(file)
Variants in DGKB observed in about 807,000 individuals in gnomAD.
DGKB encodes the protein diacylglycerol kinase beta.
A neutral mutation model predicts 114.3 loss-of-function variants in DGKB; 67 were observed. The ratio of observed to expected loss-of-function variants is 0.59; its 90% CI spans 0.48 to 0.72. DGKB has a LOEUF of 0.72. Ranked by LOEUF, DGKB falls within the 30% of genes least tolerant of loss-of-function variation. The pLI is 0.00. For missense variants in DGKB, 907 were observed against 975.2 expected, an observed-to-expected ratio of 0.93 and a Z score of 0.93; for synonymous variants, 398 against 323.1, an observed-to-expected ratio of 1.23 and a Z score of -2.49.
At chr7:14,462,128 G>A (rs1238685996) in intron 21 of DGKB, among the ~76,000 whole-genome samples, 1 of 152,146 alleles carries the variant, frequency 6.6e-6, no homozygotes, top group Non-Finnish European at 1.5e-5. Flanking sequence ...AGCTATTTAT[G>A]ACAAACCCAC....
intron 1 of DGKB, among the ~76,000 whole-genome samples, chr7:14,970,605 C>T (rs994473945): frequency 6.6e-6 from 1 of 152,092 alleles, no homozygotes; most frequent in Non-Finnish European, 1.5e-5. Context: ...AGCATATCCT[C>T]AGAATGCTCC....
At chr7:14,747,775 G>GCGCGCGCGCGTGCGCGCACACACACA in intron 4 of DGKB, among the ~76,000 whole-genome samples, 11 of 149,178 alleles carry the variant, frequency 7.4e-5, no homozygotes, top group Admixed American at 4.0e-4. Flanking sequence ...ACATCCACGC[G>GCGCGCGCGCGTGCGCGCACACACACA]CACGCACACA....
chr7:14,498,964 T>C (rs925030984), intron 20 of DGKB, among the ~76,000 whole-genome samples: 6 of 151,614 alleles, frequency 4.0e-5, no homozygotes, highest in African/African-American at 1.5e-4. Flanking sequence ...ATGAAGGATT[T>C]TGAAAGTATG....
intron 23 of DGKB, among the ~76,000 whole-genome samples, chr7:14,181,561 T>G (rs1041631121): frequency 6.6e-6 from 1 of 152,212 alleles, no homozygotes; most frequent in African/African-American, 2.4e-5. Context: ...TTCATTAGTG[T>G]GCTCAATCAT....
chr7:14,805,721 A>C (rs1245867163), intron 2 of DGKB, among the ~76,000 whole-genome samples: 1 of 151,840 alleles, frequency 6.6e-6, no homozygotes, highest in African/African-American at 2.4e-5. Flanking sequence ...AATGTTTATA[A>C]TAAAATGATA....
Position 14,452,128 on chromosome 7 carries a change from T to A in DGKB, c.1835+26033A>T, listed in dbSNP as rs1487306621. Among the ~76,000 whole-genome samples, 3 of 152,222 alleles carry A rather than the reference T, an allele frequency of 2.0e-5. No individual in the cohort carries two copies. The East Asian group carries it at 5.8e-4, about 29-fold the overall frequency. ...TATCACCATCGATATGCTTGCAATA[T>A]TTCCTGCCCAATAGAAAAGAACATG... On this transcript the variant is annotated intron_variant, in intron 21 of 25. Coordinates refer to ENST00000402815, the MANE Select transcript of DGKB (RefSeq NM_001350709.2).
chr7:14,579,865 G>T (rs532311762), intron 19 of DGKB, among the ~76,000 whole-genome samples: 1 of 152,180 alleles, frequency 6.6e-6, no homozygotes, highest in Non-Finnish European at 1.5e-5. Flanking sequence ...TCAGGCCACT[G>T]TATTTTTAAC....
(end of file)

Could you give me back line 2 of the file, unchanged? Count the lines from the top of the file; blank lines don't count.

DGKB encodes the protein diacylglycerol kinase beta.